After the First World War, Canadian veterans created a culture that celebrated the camaraderie, sense of purpose, and light-hearted moments of their experience as soldiers. Much like the trench culture of the war years, it poked fun at misfortune, satirized the enemy, and presumed that a stiff drink could make any situation better. Veteran culture provided ex-soldiers in the 1920s and 1930s with the mutual support they needed to get through difficult times, but it was a milieu in which the excessive consumption of alcohol was accepted and even encouraged. This had little impact on the settled, well-adjusted veteran but for the ex-soldier who was struggling in the postwar world, it could be a recipe for disaster.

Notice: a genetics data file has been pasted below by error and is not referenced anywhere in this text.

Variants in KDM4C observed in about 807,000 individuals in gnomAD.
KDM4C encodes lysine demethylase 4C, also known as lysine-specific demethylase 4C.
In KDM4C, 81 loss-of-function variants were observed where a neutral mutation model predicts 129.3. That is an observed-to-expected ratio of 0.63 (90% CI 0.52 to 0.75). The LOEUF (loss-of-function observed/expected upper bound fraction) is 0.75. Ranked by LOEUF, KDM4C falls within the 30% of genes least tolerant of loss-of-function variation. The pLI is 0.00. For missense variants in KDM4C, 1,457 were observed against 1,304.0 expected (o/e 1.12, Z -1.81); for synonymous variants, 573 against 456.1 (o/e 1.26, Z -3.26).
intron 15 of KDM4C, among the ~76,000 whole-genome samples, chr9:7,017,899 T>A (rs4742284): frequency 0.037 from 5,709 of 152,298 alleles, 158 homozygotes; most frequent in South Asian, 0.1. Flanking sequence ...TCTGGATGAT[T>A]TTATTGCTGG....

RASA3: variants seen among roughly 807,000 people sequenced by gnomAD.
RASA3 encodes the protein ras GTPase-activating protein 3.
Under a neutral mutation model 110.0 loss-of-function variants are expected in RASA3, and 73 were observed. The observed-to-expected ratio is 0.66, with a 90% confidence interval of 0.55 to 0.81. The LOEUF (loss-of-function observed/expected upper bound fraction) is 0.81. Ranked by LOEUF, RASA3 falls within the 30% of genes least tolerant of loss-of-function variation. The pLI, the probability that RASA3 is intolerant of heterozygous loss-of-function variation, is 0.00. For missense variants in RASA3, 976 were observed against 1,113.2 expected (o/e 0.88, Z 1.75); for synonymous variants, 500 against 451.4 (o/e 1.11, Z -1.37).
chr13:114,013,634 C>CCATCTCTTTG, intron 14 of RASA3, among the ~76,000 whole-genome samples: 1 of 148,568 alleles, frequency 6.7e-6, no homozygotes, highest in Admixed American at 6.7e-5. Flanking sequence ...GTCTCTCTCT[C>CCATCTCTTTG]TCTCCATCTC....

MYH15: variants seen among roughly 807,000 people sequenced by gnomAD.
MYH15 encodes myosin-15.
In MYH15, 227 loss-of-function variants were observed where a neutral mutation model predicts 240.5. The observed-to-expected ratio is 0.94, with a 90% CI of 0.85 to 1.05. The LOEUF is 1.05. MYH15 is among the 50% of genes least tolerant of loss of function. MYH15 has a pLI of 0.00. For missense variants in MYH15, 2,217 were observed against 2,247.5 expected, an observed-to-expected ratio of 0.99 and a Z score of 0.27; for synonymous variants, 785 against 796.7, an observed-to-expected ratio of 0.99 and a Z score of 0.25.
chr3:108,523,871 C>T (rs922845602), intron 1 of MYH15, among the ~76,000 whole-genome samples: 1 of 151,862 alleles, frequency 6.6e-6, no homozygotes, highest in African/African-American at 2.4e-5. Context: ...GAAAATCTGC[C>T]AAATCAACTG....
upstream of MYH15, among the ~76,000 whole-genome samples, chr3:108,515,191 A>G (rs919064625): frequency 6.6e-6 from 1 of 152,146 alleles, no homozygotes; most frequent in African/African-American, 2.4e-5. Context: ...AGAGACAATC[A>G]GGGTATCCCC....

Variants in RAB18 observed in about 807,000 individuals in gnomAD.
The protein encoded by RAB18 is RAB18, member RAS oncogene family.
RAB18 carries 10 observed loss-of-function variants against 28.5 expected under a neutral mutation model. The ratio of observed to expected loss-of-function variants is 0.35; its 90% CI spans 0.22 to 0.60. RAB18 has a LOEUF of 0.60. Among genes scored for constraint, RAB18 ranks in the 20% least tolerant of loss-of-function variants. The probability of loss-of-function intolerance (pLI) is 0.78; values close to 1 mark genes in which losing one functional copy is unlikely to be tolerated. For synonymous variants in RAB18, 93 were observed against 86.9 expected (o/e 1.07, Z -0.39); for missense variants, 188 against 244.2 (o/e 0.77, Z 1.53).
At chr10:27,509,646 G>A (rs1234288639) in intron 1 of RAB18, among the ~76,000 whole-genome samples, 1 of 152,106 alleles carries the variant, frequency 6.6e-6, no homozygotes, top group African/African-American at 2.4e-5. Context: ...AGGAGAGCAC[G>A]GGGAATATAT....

Vance, Jonathan F. "“When Wartime Friends Meet”: Great War Veteran Culture and the (Ab)Use of Alcohol." Canadian Military History 32, 1 (2023)